TDL: Capturing taste in time

A study co-funded by the European Sensory Network (ESN) tested a new method to evaluate food. The conclusion: asking consumers to identify the dominating sensations during the eating process, while simultaneously asking them to indicate how much they like what they perceive, could help sensory analysts to better customize foods according to consumers' wishes. This new method, Temporal Drivers of Liking (TDL), is an extended version of the popular Temporal Dominance of Sensations (TDS), and could become part of the growing group of Rapid Sensory Profiling Methods. (Link to the publication in Food Research International)


Ready to be sampled. During an ESN meeting in Budapest in 2015, ESN members test the new method.


Fleeting sensations

How does it taste? This sounds like a simple question, but the answer can be complex. First of all, the sensation we experience while eating or drinking usually changes every couple of seconds. For example, a cheese can taste mostly creamy in the first ten seconds, then cheesy, then bitter. To take this change of sensations into account, sensory scientists have developed a test that captures this dynamic. The test is called Temporary Dominance of Sensations (TDS). For example, the test person samples a piece of cheese and is asked to identify the sensation that is perceived as dominant while eating. “The study of temporal dominance is important in defining the specific flavor profile of many products and is therefore useful in defining the identity of a brand”, emphasizes Pascal Schlich from INRA, France.

Four cheeses, six countries, nine partners

TDS became popular among sensory analysts in the last years. But some analysts realized that it had its limitations. For example, the test doesn´t provide information about whether or not the test person likes the dominant sensation. That´s why Pascal Schlich and Arnaud Thomas from ESN member INRA, France, designed an advanced version of the TDS. In this new test, the test person is asked to identify the sensations while eating and at the same time indicate on a nine-point scale how much they like what they perceive. For example, they might name the sensation creamy while eating the cheese and then mark a five on the liking scale, 10 seconds later they rate an eight on the liking scale, and so on. The test person can click at any time on the liking scale. This new version of the TDS is called Temporal Drivers of Liking (TDL). To determine whether TDL could help design and adjust products to the needs of the consumers, Pascal Schlich and Arnaud Thomas initiated a cross-cultural study that involved 667 consumers from six different countries.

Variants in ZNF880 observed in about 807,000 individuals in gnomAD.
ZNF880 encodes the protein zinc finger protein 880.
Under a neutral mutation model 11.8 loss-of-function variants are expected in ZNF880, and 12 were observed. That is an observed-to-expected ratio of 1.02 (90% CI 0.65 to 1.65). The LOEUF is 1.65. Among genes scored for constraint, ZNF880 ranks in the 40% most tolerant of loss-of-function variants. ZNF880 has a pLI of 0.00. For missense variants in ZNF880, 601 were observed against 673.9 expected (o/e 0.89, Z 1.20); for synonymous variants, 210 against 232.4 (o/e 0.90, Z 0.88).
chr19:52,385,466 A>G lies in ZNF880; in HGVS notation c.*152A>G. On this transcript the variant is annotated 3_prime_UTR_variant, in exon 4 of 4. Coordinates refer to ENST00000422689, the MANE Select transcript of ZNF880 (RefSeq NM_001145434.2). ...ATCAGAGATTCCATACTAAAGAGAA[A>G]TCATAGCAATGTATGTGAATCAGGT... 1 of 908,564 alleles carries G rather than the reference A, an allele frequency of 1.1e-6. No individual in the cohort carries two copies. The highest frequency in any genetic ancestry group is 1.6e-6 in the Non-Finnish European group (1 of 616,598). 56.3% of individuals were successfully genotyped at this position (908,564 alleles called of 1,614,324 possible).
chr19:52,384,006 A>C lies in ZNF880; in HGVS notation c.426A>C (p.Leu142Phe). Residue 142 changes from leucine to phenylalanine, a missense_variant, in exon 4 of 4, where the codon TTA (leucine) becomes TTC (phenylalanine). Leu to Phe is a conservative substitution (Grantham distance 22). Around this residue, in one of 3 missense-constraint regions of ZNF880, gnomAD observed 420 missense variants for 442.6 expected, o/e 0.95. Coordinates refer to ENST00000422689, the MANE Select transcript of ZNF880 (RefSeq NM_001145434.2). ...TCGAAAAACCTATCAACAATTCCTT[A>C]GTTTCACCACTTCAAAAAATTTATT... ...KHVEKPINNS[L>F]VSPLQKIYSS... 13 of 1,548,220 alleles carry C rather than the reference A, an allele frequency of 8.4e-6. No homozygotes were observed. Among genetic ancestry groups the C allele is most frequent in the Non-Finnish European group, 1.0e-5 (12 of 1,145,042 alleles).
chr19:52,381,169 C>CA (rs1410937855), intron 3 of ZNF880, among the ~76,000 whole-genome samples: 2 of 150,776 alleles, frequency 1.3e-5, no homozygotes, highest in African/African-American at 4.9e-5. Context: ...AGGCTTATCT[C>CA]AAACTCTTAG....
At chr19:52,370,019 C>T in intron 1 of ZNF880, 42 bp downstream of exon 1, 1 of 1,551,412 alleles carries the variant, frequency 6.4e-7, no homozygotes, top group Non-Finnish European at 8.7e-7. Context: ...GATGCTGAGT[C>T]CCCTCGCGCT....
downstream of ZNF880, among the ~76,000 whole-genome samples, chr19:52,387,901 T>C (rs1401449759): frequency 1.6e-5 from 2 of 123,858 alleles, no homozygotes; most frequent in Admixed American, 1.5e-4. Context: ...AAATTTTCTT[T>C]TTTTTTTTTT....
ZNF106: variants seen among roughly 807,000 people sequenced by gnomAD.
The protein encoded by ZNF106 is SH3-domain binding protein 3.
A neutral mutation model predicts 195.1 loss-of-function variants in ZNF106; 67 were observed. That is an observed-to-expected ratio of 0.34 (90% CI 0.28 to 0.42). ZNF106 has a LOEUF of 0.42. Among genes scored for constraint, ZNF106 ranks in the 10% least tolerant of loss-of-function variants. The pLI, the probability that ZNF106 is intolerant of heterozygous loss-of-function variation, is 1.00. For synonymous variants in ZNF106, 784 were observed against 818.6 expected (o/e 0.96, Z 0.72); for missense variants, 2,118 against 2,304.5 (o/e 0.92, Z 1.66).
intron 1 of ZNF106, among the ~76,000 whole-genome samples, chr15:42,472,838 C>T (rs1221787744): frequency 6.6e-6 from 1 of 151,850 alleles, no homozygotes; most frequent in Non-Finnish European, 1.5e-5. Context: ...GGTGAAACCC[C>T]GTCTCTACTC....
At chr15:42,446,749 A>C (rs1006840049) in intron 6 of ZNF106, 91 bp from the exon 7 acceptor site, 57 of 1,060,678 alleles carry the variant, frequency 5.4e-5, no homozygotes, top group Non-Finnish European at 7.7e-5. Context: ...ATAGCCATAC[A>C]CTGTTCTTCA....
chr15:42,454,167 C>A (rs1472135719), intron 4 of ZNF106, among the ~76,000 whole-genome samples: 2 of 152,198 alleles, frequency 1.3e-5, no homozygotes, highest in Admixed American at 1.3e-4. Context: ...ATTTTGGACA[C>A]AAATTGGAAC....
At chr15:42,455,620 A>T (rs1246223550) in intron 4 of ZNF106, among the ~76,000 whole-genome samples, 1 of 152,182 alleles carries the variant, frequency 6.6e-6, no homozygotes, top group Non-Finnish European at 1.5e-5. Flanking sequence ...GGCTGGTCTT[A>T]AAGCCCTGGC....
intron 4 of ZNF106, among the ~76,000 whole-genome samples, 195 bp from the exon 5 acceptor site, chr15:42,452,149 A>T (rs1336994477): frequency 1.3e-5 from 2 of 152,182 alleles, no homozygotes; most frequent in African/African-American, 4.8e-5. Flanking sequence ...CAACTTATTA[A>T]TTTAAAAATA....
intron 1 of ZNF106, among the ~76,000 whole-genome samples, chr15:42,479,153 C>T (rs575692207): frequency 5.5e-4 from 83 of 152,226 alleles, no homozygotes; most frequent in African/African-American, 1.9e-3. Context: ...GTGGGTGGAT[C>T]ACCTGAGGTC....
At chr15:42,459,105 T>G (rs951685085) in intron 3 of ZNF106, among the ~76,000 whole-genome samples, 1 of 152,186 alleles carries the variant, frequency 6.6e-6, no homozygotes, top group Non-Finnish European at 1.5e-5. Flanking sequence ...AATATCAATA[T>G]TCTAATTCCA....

Arnaud Thomas (in the front) and Pascal Schlich, both from ESN member INRA, discuss the results with ESN members.


TDL - a new tool in the box

The research involved nine ESN members*. The researchers asked the consumers to sample four different Gouda cheeses with different ages and fat contents (provided by ESN partner FrieslandCampina) during one session at the laboratory. On average, the consumers reported sensations for around half a minute and identified four attributes. “This is not an easy task for a naïve consumer”, explains Arnaud Thomas. “But our results show that it is doable.” The data analysis identified three distinct consumer clusters. The first group liked the standard fat cheese the most and disliked the mature cheese (“standard group”). The second group liked the mature cheese and disliked the young low fat cheese (“mature group”). The third group liked the low-fat cheese and disliked the standard fat cheese (“lean group”). Only the members of the mature group liked their favorite cheese better when the sensation “sharp” was dominant. Only the members of the standard group liked the cheese better if they perceived the sensation “tender”.

Getting more out of each bite

Thus, the liking scores increase or decrease when a certain attribute is dominant, but the change depends on the segment that the consumer belongs to. “Therefore, it is useful to find out about the liking segmentation before a TDL analysis determines which attribute should dominate during tasting for specific consumer targets”, explains Arnaud Thomas. TDL could be a new and useful approach for product developers in the food industry who want to design products with particular temporal sensory profiles for specific consumer groups. For instance, a mature cheese could be made sharper to please the mature group, and then advertised to this group in a special way. Accordingly, the lovers of standard cheese could be made happier by a more tender version of their cheese. When it comes to taste, we are all special.



* list of ESN members who participated

Centre des Sciences du Goût et de l'Alimentation, CNRS, INRA, Univ. Bourgogne Franche-Comté, France (Arnaud Thomas, Pascal Schlich; project leaders)
Biofortis Sensory & Consumer, France (Lise Dreyfuss)
Campden BRI, UK (Marleen Chambault)
Campden BRI, Hungary (Adrienn Hegyi)
Escola Superior de Biotechnologia Universidade Catolica, Portugal (Ana Patricia Silva)
isi, Germany (Sven Henneberg)
Warsaw University of Life Sciences WULS-SGGW, Faculty of Human Nutrition and Consumer Sciences, Department of Functional Food, Ecological Food and Commodities, Poland (Elisa Kostyra)
Wageningen Food & Biobased Research, Consumer Science & Health, The Netherlands (Stefanie Kremer, advisor)
ACCE international, Canada (Chantal Gilbert, advisor)